The Seattle Mariners this morning unveiled their new City Connect uniform, which pays tribute to the history of baseball in Seattle. It will make its on-field debut one week from today, May 5.
There were several leaks connected to this one (the most recent of which came just last week), and they turned out to be accurate, but the unveiling still provided several elements we hadn’t yet seen, including the cap, which features an updated version of the team’s old trident logo.
In addition, we’ve known for a while that the jersey would be blue, but we didn’t know if it would be paired with matching blue pants or white pants. As it turns out, they’re not going with either of those colors:
Okay, let’s take a closer look at this uniform, one element at a time, beginning with…
As you can see above, the CC cap has a blue crown with a black brim, and the logo is also outlined in black. Here’s a comparison of the CC logo and the team’s original trident logo:
I like the updated trident quite a bit, but I’d like it more without the black outline, and I’d like the cap a lot more without the black brim.
We already knew about this design, because of the leaks. The chest lettering is inspired by the old Seattle Pilots, who played in 1969 before moving to Milwaukee and becoming the Brewers:
The team is saying that the sleeve piping is also Pilots-inspired, although that would make more sense if they’d gone ahead with four stripes instead of two. As it stands now, it just looks like standard sleeve piping (which looks fine but not particularly Pilots-y).
The very nice sleeve patch also has echoes of the Pilots. Here’s a closer look:
“PNW” stands for Pacific Northwest, obviously. The “P” is taken from the Pilots’ home uniforms:
In addition, the patch has a tone-on-tone laurel wreath curving its way up the sides of the design. That’s inspired by the “scrambled eggs” on the Pilots’ cap brim (a nice idea, although it’s not really visible on the patch):
Finally, going back to the front of the jersey, the lettering’s black drop-shadow is supposedly inspired by the 1955 Seattle Rainiers, although that seems like a stretch to me, since the Rainiers had a completely different color scheme and graphic style:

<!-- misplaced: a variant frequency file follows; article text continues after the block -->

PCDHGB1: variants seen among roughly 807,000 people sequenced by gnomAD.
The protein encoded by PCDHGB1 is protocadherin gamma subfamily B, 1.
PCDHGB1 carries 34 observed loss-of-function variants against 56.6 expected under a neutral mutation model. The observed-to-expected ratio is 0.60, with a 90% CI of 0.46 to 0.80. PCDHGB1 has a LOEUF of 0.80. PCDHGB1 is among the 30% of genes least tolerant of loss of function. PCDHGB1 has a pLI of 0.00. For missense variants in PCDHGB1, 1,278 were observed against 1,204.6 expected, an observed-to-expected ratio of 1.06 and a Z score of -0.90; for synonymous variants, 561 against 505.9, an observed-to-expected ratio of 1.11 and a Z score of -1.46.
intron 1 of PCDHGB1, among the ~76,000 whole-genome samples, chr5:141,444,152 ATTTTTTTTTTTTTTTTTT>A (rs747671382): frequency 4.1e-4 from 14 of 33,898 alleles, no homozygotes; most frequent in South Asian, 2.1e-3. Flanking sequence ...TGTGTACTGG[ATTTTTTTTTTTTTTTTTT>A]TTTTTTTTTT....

To me, this feels like a case of reverse-engineering an excuse for the black shadow. Like, “Okay, we want to add black — now how can we find a historical tie-in for that?”
The Pants and Socks
This will be the most controversial part of this uniform, and with good reason. The black pants are almost tolerable if the player is going high-cuffed, but low-cuffers are gonna look like they’re wearing NFL officiating slacks. We’ve already seen the Rockies and Dodgers swap out their colored CC pants for white, and I’m gonna predict right here that the M’s end up doing the same — maybe not this season, but at some point down the road.
The historical antecedent for the black pants is supposedly the Seattle Steelheads of the Negro Leagues (who the Mariners salute each year by wearing Steelheads throwbacks, usually on or around Juneteenth). But to my knowledge, the Steelheads never wore black pants — they just had black as a team color. So again, this seems like a reverse-engineered rationale for BFBS.
Those are the basics. I normally don’t mention retail elements that won’t be visible on the field, but the jock tag slogan — former M’s broadcaster Dave Niehaus’s “My oh my” catchphrase — had already leaked, so I’ll mention that it is indeed part of the jersey:
Similarly, I don’t usually mention inner collar slogans, but I’m going to mention this one because it includes a new logo that we might start seeing in other contexts. Here’s the deal: The Mariners play in an area of Seattle called SoDo, which is short for “south of downtown.” As a result, fans sometimes refer to the team’s “SoDo mojo.” The team has turned that phrase into a new logo, with two crossed tridents turned upward to form “W”s — one for “win” and one for “Washington”:
Overall: I’d like this uniform a lot more without all the black elements. But I do like that they’re mostly trying to tell a baseball story, not just a Seattle story.
Speaking of which: This is the third consecutive CC uni design (following Atlanta’s and Texas’s) to focus more on baseball history than municipal promotion. I asked M’s exec Kevin Martinez if that’s just a coincidence or if it reflects a conscious MLB-wide decision to pivot more in that direction. He said it’s just a coincidence, and that each team decides on its own approach, with no larger directive from the higher-ups.
On deck: the Reds, who will unveil their CC uni on May 15.
Update: Reader Brian Forosisky has performed a public service by mocking up how this uniform would look with white pants. Check it out: